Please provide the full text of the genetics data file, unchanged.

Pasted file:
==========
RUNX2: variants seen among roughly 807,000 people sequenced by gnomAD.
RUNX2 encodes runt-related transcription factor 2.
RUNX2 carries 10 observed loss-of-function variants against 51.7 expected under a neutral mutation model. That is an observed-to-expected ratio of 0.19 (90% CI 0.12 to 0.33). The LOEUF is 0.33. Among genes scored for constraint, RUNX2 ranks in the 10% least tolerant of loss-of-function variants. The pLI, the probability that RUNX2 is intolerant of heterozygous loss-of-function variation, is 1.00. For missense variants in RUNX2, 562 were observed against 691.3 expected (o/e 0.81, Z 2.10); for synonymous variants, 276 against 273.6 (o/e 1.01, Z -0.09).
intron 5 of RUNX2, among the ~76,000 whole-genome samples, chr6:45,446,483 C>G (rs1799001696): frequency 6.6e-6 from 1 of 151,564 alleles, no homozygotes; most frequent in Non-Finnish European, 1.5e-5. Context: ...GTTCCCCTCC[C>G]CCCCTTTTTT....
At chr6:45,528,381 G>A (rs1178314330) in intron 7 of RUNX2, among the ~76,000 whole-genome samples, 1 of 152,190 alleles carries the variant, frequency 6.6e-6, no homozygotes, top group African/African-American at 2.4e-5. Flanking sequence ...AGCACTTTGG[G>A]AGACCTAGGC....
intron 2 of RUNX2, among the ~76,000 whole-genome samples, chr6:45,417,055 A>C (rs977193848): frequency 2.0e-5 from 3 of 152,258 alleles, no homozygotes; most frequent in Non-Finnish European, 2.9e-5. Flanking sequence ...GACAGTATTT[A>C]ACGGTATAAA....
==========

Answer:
RUNX2: variants seen among roughly 807,000 people sequenced by gnomAD.
RUNX2 encodes runt-related transcription factor 2.
RUNX2 carries 10 observed loss-of-function variants against 51.7 expected under a neutral mutation model. That is an observed-to-expected ratio of 0.19 (90% CI 0.12 to 0.33). The LOEUF is 0.33. Among genes scored for constraint, RUNX2 ranks in the 10% least tolerant of loss-of-function variants. The pLI, the probability that RUNX2 is intolerant of heterozygous loss-of-function variation, is 1.00. For missense variants in RUNX2, 562 were observed against 691.3 expected (o/e 0.81, Z 2.10); for synonymous variants, 276 against 273.6 (o/e 1.01, Z -0.09).
intron 5 of RUNX2, among the ~76,000 whole-genome samples, chr6:45,446,483 C>G (rs1799001696): frequency 6.6e-6 from 1 of 151,564 alleles, no homozygotes; most frequent in Non-Finnish European, 1.5e-5. Context: ...GTTCCCCTCC[C>G]CCCCTTTTTT....
At chr6:45,528,381 G>A (rs1178314330) in intron 7 of RUNX2, among the ~76,000 whole-genome samples, 1 of 152,190 alleles carries the variant, frequency 6.6e-6, no homozygotes, top group African/African-American at 2.4e-5. Flanking sequence ...AGCACTTTGG[G>A]AGACCTAGGC....
intron 2 of RUNX2, among the ~76,000 whole-genome samples, chr6:45,417,055 A>C (rs977193848): frequency 2.0e-5 from 3 of 152,258 alleles, no homozygotes; most frequent in Non-Finnish European, 2.9e-5. Flanking sequence ...GACAGTATTT[A>C]ACGGTATAAA....